Hurricanes, noisy data and plodding inflation to keep Fed from raising rates
Last week the pound was the currency to watch and, with the Bank of England rate decision and relatively little on the docket for the US, that’s understandable. But, it’s all change this week, with the Federal Reserve rate decision due on Wednesday. The rate-setting committee is widely expected to hold the Federal Funds Rate unchanged. With inflation – on both the consumer and the producer side – plodding along and weather events over the past month or so leaving a long tail of both blockers and incentives to economic activity, there’s too much noise at present for the Fed to look through and hike rates confidently.
What will be watched for is any further commentary on the winding down of their balance sheet, any perceived political risks to their inflation/economic forecasts and any hints on whether we’ll see a December rate hike.
Outside of the Fed rate decision, press conference and economic forecasts on Wednesday, Fed’s Kaplan (a voter on the FOMC) speaks on Friday.
No tier one data will keep focus on sterling and the euro
There’s very little (if any) tier one data on the slate this week, with the highlights being housing construction numbers on Tuesday, housing sales figures on Wednesday and PMI figures finishing off the week on Friday. As such, barring the Fed decision and press conference on Wednesday, focus will be on markets elsewhere. In the UK, focus has shifted from international politics and Brexit to the Bank of England and whether they’ll raise interest rates in November.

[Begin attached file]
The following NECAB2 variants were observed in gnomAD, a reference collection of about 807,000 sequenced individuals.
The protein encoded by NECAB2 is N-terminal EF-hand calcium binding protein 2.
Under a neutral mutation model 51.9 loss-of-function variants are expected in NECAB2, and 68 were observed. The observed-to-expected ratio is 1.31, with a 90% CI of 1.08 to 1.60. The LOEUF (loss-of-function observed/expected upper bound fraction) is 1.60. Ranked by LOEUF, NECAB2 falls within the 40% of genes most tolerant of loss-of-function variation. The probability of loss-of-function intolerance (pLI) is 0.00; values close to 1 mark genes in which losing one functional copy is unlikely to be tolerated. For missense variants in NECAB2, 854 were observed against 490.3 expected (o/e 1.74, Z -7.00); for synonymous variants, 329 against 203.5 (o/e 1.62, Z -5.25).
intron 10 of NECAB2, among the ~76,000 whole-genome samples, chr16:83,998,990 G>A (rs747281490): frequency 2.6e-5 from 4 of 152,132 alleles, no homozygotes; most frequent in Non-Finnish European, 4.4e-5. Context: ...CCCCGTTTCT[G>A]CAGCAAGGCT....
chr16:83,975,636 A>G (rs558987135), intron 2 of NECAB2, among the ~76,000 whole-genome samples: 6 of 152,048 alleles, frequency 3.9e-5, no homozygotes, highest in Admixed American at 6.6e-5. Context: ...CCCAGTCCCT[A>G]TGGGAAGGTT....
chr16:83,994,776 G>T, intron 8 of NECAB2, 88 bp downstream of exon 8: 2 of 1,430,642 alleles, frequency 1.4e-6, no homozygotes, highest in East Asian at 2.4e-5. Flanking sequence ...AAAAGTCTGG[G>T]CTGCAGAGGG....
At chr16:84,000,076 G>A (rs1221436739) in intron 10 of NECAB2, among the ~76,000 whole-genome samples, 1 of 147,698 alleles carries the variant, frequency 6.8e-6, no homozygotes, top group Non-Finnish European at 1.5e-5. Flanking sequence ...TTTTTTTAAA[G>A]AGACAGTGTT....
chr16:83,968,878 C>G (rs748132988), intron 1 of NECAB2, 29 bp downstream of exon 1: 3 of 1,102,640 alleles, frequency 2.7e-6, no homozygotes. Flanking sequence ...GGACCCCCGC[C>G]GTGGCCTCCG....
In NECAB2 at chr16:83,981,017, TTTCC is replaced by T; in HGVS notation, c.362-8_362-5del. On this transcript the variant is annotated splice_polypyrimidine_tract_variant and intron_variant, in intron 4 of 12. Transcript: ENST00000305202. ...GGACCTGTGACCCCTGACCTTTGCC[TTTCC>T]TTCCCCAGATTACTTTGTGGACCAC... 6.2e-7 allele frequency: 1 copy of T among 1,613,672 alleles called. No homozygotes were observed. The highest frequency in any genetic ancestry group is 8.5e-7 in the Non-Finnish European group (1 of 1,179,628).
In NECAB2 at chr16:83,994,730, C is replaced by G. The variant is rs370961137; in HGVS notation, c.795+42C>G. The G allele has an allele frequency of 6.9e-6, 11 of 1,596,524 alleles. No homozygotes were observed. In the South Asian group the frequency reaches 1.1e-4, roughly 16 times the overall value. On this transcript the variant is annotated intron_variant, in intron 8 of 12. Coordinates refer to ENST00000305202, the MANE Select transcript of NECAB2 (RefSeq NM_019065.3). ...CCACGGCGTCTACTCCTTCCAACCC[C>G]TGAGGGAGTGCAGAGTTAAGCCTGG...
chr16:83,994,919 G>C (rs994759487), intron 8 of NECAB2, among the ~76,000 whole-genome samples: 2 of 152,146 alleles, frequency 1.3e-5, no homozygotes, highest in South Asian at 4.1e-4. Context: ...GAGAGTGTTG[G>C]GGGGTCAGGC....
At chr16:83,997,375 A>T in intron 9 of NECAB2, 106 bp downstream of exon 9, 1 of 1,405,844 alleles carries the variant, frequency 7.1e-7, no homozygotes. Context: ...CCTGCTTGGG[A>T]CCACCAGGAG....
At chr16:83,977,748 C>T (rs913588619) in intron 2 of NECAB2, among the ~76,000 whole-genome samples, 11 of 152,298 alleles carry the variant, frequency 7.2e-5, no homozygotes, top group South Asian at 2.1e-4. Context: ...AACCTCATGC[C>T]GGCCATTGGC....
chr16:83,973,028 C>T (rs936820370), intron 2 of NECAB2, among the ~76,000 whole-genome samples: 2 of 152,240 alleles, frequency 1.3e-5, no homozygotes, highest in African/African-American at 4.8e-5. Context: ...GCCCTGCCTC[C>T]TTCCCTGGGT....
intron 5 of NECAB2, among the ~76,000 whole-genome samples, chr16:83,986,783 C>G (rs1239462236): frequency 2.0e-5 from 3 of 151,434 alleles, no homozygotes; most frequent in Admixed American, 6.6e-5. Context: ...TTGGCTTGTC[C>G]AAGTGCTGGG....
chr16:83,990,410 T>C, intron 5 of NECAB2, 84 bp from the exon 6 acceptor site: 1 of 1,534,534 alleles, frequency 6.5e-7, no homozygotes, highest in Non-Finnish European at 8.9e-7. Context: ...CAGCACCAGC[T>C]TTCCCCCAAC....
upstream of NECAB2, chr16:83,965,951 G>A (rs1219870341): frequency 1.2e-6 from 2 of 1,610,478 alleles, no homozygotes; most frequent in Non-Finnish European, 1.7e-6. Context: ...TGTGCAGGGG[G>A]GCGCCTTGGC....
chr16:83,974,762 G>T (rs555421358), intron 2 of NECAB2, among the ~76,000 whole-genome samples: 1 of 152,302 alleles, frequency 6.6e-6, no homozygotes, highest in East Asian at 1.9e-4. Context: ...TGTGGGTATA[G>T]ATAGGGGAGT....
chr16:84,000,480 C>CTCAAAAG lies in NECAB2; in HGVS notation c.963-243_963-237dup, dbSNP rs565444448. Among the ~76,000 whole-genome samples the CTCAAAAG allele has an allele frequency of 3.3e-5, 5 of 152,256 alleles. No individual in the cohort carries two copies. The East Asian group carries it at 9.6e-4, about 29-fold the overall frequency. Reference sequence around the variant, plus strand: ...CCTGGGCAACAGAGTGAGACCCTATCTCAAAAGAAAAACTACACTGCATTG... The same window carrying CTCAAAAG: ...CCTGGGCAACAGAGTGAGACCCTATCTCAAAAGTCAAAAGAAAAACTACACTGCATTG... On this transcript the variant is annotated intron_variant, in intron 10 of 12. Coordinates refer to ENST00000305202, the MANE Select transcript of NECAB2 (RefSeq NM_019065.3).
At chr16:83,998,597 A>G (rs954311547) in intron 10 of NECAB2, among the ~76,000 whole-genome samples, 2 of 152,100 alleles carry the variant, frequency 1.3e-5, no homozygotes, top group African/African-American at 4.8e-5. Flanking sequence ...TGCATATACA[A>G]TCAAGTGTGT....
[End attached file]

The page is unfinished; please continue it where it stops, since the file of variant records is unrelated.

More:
We now have to think that they will raise rates, but only by 25bps to bring the rate back to 0.5%. The language from the Monetary Policy Committee and Member Vlieghe’s speech on Friday was a fairly transparent move to realign the expectations of markets, business and consumers that rates are not going to stay at 0.25% for months and months. Noting that there is ‘scope for a stimulus reduction in the coming months’ and ‘that a rate hike may be needed within months’ can only move expectations in one direction and, as such, we think rates will rise in November and that the vote will likely be unanimous.
CPI numbers won’t deter Bank of Canada from tightening further
With the Bank of Canada surprising markets in early September by raising interest rates, you’d expect the Bank to be facing inflationary pressures at home, but that doesn’t appear to be the case. Beyond house prices (particularly in the cities of Vancouver and Toronto), those looking for sharp rises in prices will be left wanting. July’s rate of just 1.2% year-on-year is well below inflation rates seen in parallel economies and they’re certainly not considering tightening policy – so why in Canada? The BoC justified their decision by stating levels of GDP were ahead of expectations, consumer spending is on track and export growth is accelerating – but markets will have to see this feed through into inflation before it believes the Bank of Canada can go any further with interest rates.
Have a great week